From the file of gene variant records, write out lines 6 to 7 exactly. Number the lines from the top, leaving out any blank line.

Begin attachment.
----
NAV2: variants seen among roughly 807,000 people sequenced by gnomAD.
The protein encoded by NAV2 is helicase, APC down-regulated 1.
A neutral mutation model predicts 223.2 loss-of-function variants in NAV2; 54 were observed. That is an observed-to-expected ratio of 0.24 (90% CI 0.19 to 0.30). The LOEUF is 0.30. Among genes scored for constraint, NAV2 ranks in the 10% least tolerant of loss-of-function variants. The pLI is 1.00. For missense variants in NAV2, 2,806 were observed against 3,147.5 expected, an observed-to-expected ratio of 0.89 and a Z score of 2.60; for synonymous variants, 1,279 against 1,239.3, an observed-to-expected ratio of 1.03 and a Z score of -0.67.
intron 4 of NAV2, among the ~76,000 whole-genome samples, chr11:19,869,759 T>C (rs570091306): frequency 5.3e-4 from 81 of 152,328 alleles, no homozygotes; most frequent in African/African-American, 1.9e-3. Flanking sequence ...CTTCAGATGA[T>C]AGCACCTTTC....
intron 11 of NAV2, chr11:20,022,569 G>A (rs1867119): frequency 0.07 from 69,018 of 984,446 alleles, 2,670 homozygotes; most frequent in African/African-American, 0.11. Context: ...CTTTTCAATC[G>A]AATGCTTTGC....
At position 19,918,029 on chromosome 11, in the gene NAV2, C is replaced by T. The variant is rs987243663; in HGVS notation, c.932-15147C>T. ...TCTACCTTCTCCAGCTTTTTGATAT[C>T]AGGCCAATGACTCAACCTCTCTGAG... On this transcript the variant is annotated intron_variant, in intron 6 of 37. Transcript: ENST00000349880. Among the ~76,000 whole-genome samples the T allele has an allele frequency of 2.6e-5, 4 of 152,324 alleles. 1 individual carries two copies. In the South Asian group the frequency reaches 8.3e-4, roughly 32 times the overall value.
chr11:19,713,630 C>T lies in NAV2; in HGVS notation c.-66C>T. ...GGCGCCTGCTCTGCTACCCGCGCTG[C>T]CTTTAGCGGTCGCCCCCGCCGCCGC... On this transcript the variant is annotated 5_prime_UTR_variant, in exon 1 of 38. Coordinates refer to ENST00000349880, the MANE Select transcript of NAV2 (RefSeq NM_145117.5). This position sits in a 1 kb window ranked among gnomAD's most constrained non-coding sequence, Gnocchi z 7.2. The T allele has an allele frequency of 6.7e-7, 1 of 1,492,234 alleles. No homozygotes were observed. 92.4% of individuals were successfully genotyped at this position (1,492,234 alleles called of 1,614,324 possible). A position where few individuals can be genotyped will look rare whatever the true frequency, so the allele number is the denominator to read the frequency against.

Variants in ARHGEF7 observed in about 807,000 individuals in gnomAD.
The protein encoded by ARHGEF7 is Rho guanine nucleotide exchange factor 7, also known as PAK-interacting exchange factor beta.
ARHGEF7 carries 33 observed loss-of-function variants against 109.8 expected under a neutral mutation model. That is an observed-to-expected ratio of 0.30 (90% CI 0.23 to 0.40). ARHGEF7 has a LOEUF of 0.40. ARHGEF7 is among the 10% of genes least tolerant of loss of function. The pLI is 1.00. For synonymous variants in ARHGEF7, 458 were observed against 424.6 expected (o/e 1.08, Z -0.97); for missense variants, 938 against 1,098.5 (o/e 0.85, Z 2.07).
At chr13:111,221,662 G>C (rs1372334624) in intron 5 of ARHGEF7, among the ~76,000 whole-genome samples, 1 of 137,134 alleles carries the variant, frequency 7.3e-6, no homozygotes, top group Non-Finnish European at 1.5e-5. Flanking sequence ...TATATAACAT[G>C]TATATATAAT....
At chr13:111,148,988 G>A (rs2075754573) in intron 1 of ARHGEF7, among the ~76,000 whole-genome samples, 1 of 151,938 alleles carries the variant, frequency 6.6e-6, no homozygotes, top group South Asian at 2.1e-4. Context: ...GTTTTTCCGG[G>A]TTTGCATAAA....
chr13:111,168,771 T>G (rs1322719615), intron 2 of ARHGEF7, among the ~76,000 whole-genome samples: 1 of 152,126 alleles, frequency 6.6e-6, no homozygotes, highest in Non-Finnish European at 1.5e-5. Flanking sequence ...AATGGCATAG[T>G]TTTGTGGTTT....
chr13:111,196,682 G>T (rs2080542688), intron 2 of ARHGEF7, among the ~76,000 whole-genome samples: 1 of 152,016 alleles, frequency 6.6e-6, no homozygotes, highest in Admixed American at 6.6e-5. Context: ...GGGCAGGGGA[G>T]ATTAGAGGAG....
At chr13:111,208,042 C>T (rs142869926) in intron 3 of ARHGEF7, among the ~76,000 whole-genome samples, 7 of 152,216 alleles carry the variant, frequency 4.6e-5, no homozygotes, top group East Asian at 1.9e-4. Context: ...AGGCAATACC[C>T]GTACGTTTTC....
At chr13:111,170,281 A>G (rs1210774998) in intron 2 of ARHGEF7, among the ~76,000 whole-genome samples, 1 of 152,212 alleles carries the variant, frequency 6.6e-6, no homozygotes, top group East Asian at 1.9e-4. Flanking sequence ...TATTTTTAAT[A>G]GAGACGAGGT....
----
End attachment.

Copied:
At position 19,918,029 on chromosome 11, in the gene NAV2, C is replaced by T. The variant is rs987243663; in HGVS notation, c.932-15147C>T. ...TCTACCTTCTCCAGCTTTTTGATAT[C>T]AGGCCAATGACTCAACCTCTCTGAG... On this transcript the variant is annotated intron_variant, in intron 6 of 37. Transcript: ENST00000349880. Among the ~76,000 whole-genome samples the T allele has an allele frequency of 2.6e-5, 4 of 152,324 alleles. 1 individual carries two copies. In the South Asian group the frequency reaches 8.3e-4, roughly 32 times the overall value.
chr11:19,713,630 C>T lies in NAV2; in HGVS notation c.-66C>T. ...GGCGCCTGCTCTGCTACCCGCGCTG[C>T]CTTTAGCGGTCGCCCCCGCCGCCGC... On this transcript the variant is annotated 5_prime_UTR_variant, in exon 1 of 38. Coordinates refer to ENST00000349880, the MANE Select transcript of NAV2 (RefSeq NM_145117.5). This position sits in a 1 kb window ranked among gnomAD's most constrained non-coding sequence, Gnocchi z 7.2. The T allele has an allele frequency of 6.7e-7, 1 of 1,492,234 alleles. No homozygotes were observed. 92.4% of individuals were successfully genotyped at this position (1,492,234 alleles called of 1,614,324 possible). A position where few individuals can be genotyped will look rare whatever the true frequency, so the allele number is the denominator to read the frequency against.